The mystery/thriller/suspense genre usually ranks atop the best-selling fiction, whether in print or ebook, but what exactly is the difference in those terms?
Nadine LaPierre’s “Blah, Blah, Blahg” explains:
“Mystery is basically a puzzle waiting to be solved. The protagonist (detective, amateur sleuth, etc.) goes searching for clues, which are only revealed to the reader as the protagonist discovers them, and adds pieces to that puzzle until it is complete and solved.
“Thriller … Well, basically, they thrill. Action such as chases, eruptions of violence, any type of physical sequence of events that gets the readers’ flight-or-fight response going. A more distinct definition between thrillers and mysteries is that in thriller novels the reader knows who the killer is at the outset, but that the 'thrill' is in the hunt or the cat and mouse game between killer and protagonist, and that the protagonist is often in danger. Whereas in mystery the protagonist is not usually in danger; just collects clues and solves the puzzle.
“Suspense: The master of suspense, Alfred Hitchcock, described suspense as 'a state of waiting for something to happen.' He used the example that if two people were sitting in a cafe talking and fifteen seconds later a bomb went off, that for the audience it would be fifteen seconds of mundane conversation followed by surprise. But if the audience saw the saboteur come in, place the bomb and set the timer for one o’clock, that the audience would be in suspense during the couple’s conversation as one o’clock approaches, not knowing if they would be blown to bits or escape unscathed.”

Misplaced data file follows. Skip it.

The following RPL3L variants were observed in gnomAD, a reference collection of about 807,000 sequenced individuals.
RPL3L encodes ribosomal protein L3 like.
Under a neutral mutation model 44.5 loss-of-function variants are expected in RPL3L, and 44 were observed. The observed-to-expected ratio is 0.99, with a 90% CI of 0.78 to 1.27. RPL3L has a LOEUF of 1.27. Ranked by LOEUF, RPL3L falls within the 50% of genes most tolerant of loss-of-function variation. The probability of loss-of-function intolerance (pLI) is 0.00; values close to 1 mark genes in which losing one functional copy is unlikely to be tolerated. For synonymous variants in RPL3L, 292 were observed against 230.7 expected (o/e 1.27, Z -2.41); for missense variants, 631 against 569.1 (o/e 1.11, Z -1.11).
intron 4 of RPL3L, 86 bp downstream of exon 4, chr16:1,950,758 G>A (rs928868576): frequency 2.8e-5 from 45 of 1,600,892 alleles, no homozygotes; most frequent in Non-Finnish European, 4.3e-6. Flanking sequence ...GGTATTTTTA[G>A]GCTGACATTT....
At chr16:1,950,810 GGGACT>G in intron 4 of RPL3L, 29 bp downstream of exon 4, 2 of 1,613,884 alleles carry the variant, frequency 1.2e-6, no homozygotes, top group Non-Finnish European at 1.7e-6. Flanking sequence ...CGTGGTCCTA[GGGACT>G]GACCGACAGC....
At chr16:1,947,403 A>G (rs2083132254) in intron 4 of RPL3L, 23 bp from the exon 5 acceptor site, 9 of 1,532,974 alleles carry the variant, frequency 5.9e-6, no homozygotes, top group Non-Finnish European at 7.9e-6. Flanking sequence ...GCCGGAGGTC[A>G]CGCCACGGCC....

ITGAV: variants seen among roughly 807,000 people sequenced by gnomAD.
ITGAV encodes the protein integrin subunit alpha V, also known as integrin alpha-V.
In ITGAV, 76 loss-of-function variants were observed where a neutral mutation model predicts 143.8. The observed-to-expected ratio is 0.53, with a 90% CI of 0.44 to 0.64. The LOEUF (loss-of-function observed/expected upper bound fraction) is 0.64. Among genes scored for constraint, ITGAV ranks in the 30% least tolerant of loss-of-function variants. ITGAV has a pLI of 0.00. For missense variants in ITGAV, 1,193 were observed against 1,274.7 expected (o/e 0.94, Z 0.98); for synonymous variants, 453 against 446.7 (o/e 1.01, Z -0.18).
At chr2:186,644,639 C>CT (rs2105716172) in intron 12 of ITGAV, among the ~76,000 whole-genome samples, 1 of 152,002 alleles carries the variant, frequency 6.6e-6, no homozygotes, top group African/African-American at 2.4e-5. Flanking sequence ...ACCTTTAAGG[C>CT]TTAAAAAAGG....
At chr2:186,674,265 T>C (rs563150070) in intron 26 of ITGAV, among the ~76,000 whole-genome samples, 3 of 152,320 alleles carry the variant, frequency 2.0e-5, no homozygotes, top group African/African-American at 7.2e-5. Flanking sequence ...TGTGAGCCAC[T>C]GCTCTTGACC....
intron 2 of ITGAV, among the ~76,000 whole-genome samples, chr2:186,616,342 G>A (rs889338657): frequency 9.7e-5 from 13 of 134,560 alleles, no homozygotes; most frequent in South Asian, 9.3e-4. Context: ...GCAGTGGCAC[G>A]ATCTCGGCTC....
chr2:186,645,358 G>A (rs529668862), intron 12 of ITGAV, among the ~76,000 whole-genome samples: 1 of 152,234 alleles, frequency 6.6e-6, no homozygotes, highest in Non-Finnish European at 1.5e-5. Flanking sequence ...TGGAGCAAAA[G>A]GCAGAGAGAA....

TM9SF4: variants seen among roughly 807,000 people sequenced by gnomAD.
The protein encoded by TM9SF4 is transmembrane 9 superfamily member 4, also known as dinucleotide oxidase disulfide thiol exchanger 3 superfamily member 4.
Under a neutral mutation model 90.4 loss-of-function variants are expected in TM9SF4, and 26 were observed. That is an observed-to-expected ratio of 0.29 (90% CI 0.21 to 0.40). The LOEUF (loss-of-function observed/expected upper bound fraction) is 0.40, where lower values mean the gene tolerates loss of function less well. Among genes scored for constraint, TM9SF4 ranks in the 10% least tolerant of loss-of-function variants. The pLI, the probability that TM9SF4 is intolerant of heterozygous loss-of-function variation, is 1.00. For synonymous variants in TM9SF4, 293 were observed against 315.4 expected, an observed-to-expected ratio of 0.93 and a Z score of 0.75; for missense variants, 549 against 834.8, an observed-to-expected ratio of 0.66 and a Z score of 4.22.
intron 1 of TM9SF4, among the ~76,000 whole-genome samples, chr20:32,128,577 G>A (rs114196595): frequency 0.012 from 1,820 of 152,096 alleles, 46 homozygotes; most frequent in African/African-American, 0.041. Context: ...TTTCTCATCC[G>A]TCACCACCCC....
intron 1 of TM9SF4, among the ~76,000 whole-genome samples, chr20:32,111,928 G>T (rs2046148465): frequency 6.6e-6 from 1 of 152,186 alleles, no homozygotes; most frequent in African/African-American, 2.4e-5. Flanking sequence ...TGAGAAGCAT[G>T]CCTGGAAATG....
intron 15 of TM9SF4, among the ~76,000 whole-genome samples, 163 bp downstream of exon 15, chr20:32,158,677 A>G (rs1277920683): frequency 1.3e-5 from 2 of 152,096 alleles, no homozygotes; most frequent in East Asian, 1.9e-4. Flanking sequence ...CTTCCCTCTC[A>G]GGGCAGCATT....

Now, of course, these genre lines are often blurred and combined, giving you thriller/suspense, mystery/romance or even subgenres like legal or medical thrillers. Whatever you want to call the genre, here are some of the “Top 100 Mysteries” to check out:
• "Before I Go To Sleep" by S.J. Watson
• "Dance Hall of the Dead" by Tony Hillerman
• "Eye of the Needle" by Ken Follett
• "From Russia with Love" by Ian Fleming
• "In the Woods" by Tana French
•"Murder on the Orient Express" by Agatha Christie
• "No Country for Old Men" by Cormac McCarthy
• "Presumed Innocent" by Scott Turow
• "Raise the Titanic" by Clive Cussler
• "Rebecca" by Daphne Du Maurier
• "Relic" (Book 1 in Pendergrast series) by Douglas Preston and Lincoln Child
• "Shogun" by James Clavell
• "Sister" by Rosamund Lupton
• "Still Life" (Book 1 in Inspector Gamache series) by Louise Penny
• "The Bone Collector" (Book 1 in Lincoln Rhyme series) by Jeffery Deaver
• "The Day of the Jackal" by Frederick Forsyth
• "The Maltese Falcon" by Dashiell Hammett
• "The No. 1 Ladies Detective Agency" (Book 1 in series) by Alexander McCall Smith
• "The Surgeon" (Book 1 in Rizzoli & Isles series) by Tess Gerritsen
• "Wife of the Gods" by Kwei Quartey
And for the young (and young at heart), here are three more:
• "Encyclopedia Brown, Boy Detective" by Donald J. Sobol (first one in the series)
• "The Secret of the Old Clock" by Carolyn Keene (first one in the Nancy Drew series)
• "The Tower Treasure" by Franklin W. Dixon (first one in the Hardy Boys series)
Sandra Dreaden is the Crestview Public Library's reference librarian.